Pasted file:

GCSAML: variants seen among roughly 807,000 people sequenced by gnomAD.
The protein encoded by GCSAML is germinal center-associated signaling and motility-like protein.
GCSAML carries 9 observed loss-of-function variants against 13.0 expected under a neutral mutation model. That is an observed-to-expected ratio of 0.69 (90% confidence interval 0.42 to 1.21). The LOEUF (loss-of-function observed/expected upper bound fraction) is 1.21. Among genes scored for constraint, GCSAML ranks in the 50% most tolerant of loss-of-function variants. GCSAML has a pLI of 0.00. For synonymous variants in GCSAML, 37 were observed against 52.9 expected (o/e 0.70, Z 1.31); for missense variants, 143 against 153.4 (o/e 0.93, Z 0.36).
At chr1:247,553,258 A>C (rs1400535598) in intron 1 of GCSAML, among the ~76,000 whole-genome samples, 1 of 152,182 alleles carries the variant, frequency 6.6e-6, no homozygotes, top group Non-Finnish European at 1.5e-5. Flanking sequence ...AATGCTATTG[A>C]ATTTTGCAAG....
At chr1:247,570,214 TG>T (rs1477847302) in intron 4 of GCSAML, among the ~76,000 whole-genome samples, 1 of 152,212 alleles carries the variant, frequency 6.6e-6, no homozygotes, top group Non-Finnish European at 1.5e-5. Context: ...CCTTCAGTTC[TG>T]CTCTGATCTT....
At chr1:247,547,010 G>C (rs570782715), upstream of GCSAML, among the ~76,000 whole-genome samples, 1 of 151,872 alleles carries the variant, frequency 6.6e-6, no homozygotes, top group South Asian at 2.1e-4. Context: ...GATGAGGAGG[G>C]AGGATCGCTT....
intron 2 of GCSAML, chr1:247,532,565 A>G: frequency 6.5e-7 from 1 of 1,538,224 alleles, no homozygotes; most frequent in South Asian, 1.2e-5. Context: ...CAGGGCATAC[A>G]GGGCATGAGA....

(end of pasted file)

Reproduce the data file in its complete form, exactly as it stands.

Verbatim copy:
GCSAML: variants seen among roughly 807,000 people sequenced by gnomAD.
The protein encoded by GCSAML is germinal center-associated signaling and motility-like protein.
GCSAML carries 9 observed loss-of-function variants against 13.0 expected under a neutral mutation model. That is an observed-to-expected ratio of 0.69 (90% confidence interval 0.42 to 1.21). The LOEUF (loss-of-function observed/expected upper bound fraction) is 1.21. Among genes scored for constraint, GCSAML ranks in the 50% most tolerant of loss-of-function variants. GCSAML has a pLI of 0.00. For synonymous variants in GCSAML, 37 were observed against 52.9 expected (o/e 0.70, Z 1.31); for missense variants, 143 against 153.4 (o/e 0.93, Z 0.36).
At chr1:247,553,258 A>C (rs1400535598) in intron 1 of GCSAML, among the ~76,000 whole-genome samples, 1 of 152,182 alleles carries the variant, frequency 6.6e-6, no homozygotes, top group Non-Finnish European at 1.5e-5. Flanking sequence ...AATGCTATTG[A>C]ATTTTGCAAG....
At chr1:247,570,214 TG>T (rs1477847302) in intron 4 of GCSAML, among the ~76,000 whole-genome samples, 1 of 152,212 alleles carries the variant, frequency 6.6e-6, no homozygotes, top group Non-Finnish European at 1.5e-5. Context: ...CCTTCAGTTC[TG>T]CTCTGATCTT....
At chr1:247,547,010 G>C (rs570782715), upstream of GCSAML, among the ~76,000 whole-genome samples, 1 of 151,872 alleles carries the variant, frequency 6.6e-6, no homozygotes, top group South Asian at 2.1e-4. Context: ...GATGAGGAGG[G>C]AGGATCGCTT....
intron 2 of GCSAML, chr1:247,532,565 A>G: frequency 6.5e-7 from 1 of 1,538,224 alleles, no homozygotes; most frequent in South Asian, 1.2e-5. Context: ...CAGGGCATAC[A>G]GGGCATGAGA....